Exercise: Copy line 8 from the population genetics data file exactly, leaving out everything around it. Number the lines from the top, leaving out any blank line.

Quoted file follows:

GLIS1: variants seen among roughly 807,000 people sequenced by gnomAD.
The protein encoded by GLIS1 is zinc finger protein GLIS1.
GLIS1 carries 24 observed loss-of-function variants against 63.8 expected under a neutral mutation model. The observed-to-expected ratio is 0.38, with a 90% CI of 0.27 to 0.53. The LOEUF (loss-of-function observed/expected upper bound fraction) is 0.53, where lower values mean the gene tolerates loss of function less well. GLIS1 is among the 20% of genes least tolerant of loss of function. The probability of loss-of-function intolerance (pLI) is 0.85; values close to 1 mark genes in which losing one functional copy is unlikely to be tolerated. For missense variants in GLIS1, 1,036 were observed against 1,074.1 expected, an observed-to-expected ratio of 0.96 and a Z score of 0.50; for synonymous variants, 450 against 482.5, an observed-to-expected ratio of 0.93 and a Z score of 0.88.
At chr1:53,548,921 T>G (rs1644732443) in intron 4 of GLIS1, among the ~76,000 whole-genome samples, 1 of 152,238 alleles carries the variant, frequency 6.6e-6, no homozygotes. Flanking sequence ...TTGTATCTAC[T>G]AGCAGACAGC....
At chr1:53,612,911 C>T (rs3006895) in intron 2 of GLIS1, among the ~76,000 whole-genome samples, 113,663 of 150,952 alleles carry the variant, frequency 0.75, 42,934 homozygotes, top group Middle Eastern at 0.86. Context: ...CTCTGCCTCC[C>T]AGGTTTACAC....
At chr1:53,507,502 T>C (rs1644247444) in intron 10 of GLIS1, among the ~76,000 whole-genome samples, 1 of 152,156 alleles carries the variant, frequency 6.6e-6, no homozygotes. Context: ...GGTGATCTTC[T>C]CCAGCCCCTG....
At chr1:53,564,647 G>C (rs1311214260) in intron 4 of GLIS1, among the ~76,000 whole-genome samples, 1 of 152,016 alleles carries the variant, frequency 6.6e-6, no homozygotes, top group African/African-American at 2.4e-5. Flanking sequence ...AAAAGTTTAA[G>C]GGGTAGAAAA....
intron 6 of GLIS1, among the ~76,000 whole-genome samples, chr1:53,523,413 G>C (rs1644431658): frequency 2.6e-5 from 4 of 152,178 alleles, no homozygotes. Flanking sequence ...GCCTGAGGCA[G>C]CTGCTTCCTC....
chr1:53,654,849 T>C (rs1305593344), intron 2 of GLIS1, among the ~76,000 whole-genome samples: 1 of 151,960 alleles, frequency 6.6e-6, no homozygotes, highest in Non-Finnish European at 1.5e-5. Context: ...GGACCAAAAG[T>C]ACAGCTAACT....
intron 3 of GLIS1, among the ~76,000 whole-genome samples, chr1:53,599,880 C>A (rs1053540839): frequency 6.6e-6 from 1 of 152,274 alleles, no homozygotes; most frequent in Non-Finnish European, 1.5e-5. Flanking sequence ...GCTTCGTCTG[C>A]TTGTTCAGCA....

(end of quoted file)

intron 6 of GLIS1, among the ~76,000 whole-genome samples, chr1:53,523,413 G>C (rs1644431658): frequency 2.6e-5 from 4 of 152,178 alleles, no homozygotes. Flanking sequence ...GCCTGAGGCA[G>C]CTGCTTCCTC....